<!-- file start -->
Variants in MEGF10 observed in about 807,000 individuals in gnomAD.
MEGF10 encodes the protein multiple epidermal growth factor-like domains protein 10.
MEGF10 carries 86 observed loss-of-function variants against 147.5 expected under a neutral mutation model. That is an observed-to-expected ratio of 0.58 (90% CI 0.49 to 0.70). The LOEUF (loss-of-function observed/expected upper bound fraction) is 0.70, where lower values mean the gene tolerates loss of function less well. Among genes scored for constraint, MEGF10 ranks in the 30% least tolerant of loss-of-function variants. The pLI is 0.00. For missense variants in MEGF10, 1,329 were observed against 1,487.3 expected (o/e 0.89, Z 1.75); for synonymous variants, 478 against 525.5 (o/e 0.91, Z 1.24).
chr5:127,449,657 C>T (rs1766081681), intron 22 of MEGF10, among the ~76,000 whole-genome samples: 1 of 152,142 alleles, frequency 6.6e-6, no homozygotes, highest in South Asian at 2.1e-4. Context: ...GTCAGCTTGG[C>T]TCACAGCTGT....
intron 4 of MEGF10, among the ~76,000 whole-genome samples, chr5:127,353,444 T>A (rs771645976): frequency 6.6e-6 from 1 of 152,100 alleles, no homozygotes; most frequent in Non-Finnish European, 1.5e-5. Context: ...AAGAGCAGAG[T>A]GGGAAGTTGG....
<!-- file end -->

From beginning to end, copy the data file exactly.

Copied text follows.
Variants in MEGF10 observed in about 807,000 individuals in gnomAD.
MEGF10 encodes the protein multiple epidermal growth factor-like domains protein 10.
MEGF10 carries 86 observed loss-of-function variants against 147.5 expected under a neutral mutation model. That is an observed-to-expected ratio of 0.58 (90% CI 0.49 to 0.70). The LOEUF (loss-of-function observed/expected upper bound fraction) is 0.70, where lower values mean the gene tolerates loss of function less well. Among genes scored for constraint, MEGF10 ranks in the 30% least tolerant of loss-of-function variants. The pLI is 0.00. For missense variants in MEGF10, 1,329 were observed against 1,487.3 expected (o/e 0.89, Z 1.75); for synonymous variants, 478 against 525.5 (o/e 0.91, Z 1.24).
chr5:127,449,657 C>T (rs1766081681), intron 22 of MEGF10, among the ~76,000 whole-genome samples: 1 of 152,142 alleles, frequency 6.6e-6, no homozygotes, highest in South Asian at 2.1e-4. Context: ...GTCAGCTTGG[C>T]TCACAGCTGT....
intron 4 of MEGF10, among the ~76,000 whole-genome samples, chr5:127,353,444 T>A (rs771645976): frequency 6.6e-6 from 1 of 152,100 alleles, no homozygotes; most frequent in Non-Finnish European, 1.5e-5. Context: ...AAGAGCAGAG[T>A]GGGAAGTTGG....